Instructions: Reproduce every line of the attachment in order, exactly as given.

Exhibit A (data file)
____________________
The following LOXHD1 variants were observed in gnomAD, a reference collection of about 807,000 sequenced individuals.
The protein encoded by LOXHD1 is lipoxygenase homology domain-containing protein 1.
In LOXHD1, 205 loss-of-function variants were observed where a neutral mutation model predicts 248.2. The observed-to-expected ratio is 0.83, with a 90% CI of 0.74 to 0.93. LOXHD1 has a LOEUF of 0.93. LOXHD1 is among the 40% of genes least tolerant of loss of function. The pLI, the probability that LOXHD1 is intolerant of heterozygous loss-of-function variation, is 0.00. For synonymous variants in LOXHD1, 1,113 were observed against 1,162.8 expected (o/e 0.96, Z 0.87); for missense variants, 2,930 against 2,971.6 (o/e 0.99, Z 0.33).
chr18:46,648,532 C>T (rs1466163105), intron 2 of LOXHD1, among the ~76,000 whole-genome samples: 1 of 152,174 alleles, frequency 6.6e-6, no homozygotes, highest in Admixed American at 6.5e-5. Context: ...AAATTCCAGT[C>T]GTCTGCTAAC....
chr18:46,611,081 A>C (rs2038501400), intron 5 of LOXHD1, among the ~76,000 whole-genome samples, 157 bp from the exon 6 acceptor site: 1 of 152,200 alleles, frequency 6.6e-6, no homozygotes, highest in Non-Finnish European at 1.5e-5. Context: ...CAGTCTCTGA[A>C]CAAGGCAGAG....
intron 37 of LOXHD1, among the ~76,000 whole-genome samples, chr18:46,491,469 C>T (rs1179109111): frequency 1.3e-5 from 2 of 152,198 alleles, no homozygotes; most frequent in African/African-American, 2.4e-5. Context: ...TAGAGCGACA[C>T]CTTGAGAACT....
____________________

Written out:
The following LOXHD1 variants were observed in gnomAD, a reference collection of about 807,000 sequenced individuals.
The protein encoded by LOXHD1 is lipoxygenase homology domain-containing protein 1.
In LOXHD1, 205 loss-of-function variants were observed where a neutral mutation model predicts 248.2. The observed-to-expected ratio is 0.83, with a 90% CI of 0.74 to 0.93. LOXHD1 has a LOEUF of 0.93. LOXHD1 is among the 40% of genes least tolerant of loss of function. The pLI, the probability that LOXHD1 is intolerant of heterozygous loss-of-function variation, is 0.00. For synonymous variants in LOXHD1, 1,113 were observed against 1,162.8 expected (o/e 0.96, Z 0.87); for missense variants, 2,930 against 2,971.6 (o/e 0.99, Z 0.33).
chr18:46,648,532 C>T (rs1466163105), intron 2 of LOXHD1, among the ~76,000 whole-genome samples: 1 of 152,174 alleles, frequency 6.6e-6, no homozygotes, highest in Admixed American at 6.5e-5. Context: ...AAATTCCAGT[C>T]GTCTGCTAAC....
chr18:46,611,081 A>C (rs2038501400), intron 5 of LOXHD1, among the ~76,000 whole-genome samples, 157 bp from the exon 6 acceptor site: 1 of 152,200 alleles, frequency 6.6e-6, no homozygotes, highest in Non-Finnish European at 1.5e-5. Context: ...CAGTCTCTGA[A>C]CAAGGCAGAG....
intron 37 of LOXHD1, among the ~76,000 whole-genome samples, chr18:46,491,469 C>T (rs1179109111): frequency 1.3e-5 from 2 of 152,198 alleles, no homozygotes; most frequent in African/African-American, 2.4e-5. Context: ...TAGAGCGACA[C>T]CTTGAGAACT....